Dedicated to improving quality of life by enhancing the functionality of artificial hands and their control in human-machine systems.
To this end, we study:
- Neuromuscular biomechanics of human grasp to elucidate patterns of reflex-like grip responses that can be used as inspiration for low-level reflexes in artificial hands
- Neuromuscular control of multiple digits during manipulation tasks
- Tactile sensor technology that can provide rich tactile feedback for use in real-time control of artificial fingertips
- Machine-learning algorithms that will enable the mapping of tactile sensor signals to features of finger-object interactions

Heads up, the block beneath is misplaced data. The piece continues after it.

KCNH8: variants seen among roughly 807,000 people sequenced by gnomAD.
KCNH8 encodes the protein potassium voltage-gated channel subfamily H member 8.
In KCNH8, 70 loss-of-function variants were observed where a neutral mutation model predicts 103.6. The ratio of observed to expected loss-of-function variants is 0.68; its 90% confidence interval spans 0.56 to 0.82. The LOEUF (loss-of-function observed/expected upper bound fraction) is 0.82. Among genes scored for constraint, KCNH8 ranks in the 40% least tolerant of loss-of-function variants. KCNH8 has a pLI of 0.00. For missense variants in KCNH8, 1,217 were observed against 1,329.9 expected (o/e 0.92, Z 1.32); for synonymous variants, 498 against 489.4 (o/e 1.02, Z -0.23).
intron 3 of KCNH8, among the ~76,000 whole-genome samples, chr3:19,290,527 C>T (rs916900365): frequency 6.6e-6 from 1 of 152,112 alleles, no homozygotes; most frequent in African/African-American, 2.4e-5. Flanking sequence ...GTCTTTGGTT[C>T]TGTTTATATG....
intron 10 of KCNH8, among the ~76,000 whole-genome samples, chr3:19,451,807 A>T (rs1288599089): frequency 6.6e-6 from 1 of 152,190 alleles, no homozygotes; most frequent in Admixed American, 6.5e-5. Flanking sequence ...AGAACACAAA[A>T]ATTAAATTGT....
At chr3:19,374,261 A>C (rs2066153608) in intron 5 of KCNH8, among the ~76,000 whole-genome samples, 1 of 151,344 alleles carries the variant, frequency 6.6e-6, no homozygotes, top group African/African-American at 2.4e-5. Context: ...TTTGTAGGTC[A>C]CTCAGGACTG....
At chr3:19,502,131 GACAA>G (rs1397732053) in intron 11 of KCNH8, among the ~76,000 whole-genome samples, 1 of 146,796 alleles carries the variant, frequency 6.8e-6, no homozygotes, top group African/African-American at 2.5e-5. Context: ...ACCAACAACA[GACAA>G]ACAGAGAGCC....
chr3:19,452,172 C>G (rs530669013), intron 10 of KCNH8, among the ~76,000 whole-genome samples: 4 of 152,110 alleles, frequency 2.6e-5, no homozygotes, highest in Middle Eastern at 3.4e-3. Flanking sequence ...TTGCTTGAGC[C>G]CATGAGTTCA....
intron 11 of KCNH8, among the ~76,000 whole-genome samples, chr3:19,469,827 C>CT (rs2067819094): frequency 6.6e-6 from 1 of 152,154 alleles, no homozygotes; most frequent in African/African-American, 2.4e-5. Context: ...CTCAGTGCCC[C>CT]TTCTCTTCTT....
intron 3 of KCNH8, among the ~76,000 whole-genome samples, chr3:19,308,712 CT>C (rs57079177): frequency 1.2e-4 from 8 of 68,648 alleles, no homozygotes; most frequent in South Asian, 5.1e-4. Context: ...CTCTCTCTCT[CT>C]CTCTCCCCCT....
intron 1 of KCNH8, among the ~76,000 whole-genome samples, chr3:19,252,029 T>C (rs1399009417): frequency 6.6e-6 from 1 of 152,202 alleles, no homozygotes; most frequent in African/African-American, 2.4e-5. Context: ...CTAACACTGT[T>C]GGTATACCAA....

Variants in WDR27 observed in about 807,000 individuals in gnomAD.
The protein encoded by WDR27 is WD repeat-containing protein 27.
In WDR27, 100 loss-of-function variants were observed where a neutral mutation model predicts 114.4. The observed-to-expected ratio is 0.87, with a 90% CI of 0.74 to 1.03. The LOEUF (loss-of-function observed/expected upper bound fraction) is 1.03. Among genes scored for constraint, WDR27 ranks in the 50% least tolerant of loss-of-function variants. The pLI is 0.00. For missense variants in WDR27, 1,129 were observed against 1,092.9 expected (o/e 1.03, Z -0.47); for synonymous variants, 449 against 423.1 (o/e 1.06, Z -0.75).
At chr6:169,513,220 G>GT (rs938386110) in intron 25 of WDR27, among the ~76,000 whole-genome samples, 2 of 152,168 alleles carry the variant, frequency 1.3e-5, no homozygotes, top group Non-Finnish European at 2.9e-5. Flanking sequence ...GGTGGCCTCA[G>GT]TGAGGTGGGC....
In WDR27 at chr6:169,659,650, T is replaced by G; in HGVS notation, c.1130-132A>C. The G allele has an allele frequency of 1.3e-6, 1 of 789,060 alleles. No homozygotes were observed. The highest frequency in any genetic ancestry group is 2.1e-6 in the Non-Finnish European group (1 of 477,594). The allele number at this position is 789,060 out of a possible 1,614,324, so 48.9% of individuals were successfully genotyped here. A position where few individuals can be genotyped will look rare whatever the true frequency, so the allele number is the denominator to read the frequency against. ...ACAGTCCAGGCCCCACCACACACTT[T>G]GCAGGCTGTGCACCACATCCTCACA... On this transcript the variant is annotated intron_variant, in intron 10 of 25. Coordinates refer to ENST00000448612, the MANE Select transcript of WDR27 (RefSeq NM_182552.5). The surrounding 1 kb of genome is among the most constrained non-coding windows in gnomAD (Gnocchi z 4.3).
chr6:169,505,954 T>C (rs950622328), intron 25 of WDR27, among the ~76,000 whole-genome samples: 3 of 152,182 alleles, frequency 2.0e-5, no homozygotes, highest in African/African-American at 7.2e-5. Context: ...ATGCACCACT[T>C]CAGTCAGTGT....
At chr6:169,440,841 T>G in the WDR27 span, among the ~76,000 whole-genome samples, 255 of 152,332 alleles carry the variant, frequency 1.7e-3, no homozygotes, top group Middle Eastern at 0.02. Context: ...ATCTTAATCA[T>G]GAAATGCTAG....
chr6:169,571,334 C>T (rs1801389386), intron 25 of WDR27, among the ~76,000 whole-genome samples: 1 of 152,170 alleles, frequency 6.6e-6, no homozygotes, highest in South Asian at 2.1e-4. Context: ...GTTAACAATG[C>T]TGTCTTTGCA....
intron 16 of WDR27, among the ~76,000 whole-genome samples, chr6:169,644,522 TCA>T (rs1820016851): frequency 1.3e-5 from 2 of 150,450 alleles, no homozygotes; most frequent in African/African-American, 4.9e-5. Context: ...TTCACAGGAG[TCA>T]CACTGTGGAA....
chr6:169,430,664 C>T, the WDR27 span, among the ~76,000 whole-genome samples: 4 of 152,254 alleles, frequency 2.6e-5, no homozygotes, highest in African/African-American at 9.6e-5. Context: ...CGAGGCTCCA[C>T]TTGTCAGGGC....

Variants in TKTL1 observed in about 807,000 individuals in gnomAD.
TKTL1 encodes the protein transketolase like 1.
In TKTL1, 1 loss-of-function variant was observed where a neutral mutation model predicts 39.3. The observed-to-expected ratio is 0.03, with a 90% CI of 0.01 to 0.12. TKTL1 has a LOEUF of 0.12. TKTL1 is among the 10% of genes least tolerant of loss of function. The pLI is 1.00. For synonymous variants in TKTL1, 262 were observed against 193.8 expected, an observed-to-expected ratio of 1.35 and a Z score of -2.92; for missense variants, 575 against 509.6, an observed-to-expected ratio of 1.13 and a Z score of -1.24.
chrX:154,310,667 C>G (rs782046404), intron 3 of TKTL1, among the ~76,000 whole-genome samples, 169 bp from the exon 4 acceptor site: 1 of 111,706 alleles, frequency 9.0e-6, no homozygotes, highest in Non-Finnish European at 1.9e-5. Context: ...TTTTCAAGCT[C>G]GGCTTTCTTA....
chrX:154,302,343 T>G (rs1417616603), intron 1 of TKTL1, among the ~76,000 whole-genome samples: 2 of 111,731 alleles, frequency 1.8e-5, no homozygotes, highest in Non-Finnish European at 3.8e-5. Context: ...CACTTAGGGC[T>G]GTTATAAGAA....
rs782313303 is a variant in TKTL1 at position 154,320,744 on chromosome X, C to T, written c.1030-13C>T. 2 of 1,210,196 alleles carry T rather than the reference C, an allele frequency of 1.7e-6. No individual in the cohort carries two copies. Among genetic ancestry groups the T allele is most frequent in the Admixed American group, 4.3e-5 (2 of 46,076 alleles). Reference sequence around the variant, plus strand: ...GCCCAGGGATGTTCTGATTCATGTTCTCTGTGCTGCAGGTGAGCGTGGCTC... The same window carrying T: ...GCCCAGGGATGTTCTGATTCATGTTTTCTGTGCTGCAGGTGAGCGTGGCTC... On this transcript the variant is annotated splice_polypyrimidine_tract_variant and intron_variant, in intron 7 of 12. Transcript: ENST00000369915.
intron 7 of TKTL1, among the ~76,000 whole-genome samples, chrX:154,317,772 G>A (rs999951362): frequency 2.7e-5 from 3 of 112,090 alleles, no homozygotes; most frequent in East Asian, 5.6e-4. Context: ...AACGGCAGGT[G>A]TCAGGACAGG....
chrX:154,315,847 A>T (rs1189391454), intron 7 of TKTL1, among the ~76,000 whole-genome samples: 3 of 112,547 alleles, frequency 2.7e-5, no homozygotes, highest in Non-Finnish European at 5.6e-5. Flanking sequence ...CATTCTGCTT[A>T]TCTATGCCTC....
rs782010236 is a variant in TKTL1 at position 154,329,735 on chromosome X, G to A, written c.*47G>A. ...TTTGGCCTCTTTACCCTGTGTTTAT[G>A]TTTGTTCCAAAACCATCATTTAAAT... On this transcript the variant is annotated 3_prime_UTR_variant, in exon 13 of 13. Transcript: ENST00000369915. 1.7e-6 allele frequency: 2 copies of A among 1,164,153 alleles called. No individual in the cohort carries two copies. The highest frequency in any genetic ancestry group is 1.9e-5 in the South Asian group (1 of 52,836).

- Reinforcement learning approaches to enable robots to learn how to perform hard-to-code tasks through embodied experience
- Control and sensory challenges for human-machine systems
- Reducing cognitive burden via sensory-event driven, low-level reflex algorithms. Such artificial reflexes could serve as “survival instincts” which buy time for human operators of robotic devices to detect, process, and command a response to perturbations.
Our research is intended to advance the design and control of human-machine systems as well as autonomous robotic systems.
Example applications include:
- Prosthetic hands for improving the independence and quality of life of amputees
- Wheelchair-mounted robot hand and arm for increasing the workspace, independence, and quality of life of wheelchair users
- Semi-autonomous, teleoperated manipulators for use in harsh or limited-access environments, such as for the handling of dangerous devices or high consequence materials